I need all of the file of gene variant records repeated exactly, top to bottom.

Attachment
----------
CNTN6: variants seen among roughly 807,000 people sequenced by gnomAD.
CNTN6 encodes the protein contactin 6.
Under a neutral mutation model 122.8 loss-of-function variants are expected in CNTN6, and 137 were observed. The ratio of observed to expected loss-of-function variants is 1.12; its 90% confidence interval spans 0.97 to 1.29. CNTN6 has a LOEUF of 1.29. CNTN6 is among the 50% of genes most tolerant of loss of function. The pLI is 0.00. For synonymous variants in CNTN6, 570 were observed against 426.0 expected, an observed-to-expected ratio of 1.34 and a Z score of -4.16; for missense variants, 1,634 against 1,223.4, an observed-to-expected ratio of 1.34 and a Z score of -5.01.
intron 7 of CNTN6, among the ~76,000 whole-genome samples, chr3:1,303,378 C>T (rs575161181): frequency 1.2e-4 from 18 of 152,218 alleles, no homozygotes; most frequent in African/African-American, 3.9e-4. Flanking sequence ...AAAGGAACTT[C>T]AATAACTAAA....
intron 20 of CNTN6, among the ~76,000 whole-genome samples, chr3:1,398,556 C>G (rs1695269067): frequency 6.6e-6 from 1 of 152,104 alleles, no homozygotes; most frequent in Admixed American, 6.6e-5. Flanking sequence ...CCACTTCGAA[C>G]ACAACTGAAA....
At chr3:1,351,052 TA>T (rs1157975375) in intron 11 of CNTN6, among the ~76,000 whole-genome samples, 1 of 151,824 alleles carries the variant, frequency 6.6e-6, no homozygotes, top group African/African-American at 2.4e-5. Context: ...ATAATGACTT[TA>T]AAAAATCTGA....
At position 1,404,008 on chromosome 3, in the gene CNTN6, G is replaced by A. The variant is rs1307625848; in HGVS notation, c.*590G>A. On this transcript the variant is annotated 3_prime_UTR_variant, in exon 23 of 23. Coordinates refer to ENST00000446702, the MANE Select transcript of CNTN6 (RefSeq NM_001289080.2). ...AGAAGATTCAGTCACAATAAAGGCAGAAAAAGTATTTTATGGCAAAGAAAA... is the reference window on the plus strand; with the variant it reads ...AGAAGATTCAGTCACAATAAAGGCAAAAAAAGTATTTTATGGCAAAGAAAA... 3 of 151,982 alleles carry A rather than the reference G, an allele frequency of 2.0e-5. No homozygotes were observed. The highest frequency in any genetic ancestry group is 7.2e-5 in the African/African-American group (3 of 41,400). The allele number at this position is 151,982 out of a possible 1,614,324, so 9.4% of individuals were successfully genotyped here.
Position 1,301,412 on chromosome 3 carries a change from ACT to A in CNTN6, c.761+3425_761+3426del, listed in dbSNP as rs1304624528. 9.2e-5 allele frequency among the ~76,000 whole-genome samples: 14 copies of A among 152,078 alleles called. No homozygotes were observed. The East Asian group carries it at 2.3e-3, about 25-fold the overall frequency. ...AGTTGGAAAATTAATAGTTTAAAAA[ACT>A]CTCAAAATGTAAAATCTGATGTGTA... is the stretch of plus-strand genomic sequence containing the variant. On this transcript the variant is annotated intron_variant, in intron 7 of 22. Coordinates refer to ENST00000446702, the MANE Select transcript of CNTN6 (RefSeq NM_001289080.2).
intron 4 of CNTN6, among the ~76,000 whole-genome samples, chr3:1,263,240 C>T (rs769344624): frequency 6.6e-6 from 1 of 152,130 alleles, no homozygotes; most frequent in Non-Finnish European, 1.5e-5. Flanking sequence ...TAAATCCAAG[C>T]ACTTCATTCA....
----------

CNTN6: variants seen among roughly 807,000 people sequenced by gnomAD.
CNTN6 encodes the protein contactin 6.
Under a neutral mutation model 122.8 loss-of-function variants are expected in CNTN6, and 137 were observed. The ratio of observed to expected loss-of-function variants is 1.12; its 90% confidence interval spans 0.97 to 1.29. CNTN6 has a LOEUF of 1.29. CNTN6 is among the 50% of genes most tolerant of loss of function. The pLI is 0.00. For synonymous variants in CNTN6, 570 were observed against 426.0 expected, an observed-to-expected ratio of 1.34 and a Z score of -4.16; for missense variants, 1,634 against 1,223.4, an observed-to-expected ratio of 1.34 and a Z score of -5.01.
intron 7 of CNTN6, among the ~76,000 whole-genome samples, chr3:1,303,378 C>T (rs575161181): frequency 1.2e-4 from 18 of 152,218 alleles, no homozygotes; most frequent in African/African-American, 3.9e-4. Flanking sequence ...AAAGGAACTT[C>T]AATAACTAAA....
intron 20 of CNTN6, among the ~76,000 whole-genome samples, chr3:1,398,556 C>G (rs1695269067): frequency 6.6e-6 from 1 of 152,104 alleles, no homozygotes; most frequent in Admixed American, 6.6e-5. Flanking sequence ...CCACTTCGAA[C>G]ACAACTGAAA....
At chr3:1,351,052 TA>T (rs1157975375) in intron 11 of CNTN6, among the ~76,000 whole-genome samples, 1 of 151,824 alleles carries the variant, frequency 6.6e-6, no homozygotes, top group African/African-American at 2.4e-5. Context: ...ATAATGACTT[TA>T]AAAAATCTGA....
At position 1,404,008 on chromosome 3, in the gene CNTN6, G is replaced by A. The variant is rs1307625848; in HGVS notation, c.*590G>A. On this transcript the variant is annotated 3_prime_UTR_variant, in exon 23 of 23. Coordinates refer to ENST00000446702, the MANE Select transcript of CNTN6 (RefSeq NM_001289080.2). ...AGAAGATTCAGTCACAATAAAGGCAGAAAAAGTATTTTATGGCAAAGAAAA... is the reference window on the plus strand; with the variant it reads ...AGAAGATTCAGTCACAATAAAGGCAAAAAAAGTATTTTATGGCAAAGAAAA... 3 of 151,982 alleles carry A rather than the reference G, an allele frequency of 2.0e-5. No homozygotes were observed. The highest frequency in any genetic ancestry group is 7.2e-5 in the African/African-American group (3 of 41,400). The allele number at this position is 151,982 out of a possible 1,614,324, so 9.4% of individuals were successfully genotyped here.
Position 1,301,412 on chromosome 3 carries a change from ACT to A in CNTN6, c.761+3425_761+3426del, listed in dbSNP as rs1304624528. 9.2e-5 allele frequency among the ~76,000 whole-genome samples: 14 copies of A among 152,078 alleles called. No homozygotes were observed. The East Asian group carries it at 2.3e-3, about 25-fold the overall frequency. ...AGTTGGAAAATTAATAGTTTAAAAA[ACT>A]CTCAAAATGTAAAATCTGATGTGTA... is the stretch of plus-strand genomic sequence containing the variant. On this transcript the variant is annotated intron_variant, in intron 7 of 22. Coordinates refer to ENST00000446702, the MANE Select transcript of CNTN6 (RefSeq NM_001289080.2).
intron 4 of CNTN6, among the ~76,000 whole-genome samples, chr3:1,263,240 C>T (rs769344624): frequency 6.6e-6 from 1 of 152,130 alleles, no homozygotes; most frequent in Non-Finnish European, 1.5e-5. Flanking sequence ...TAAATCCAAG[C>T]ACTTCATTCA....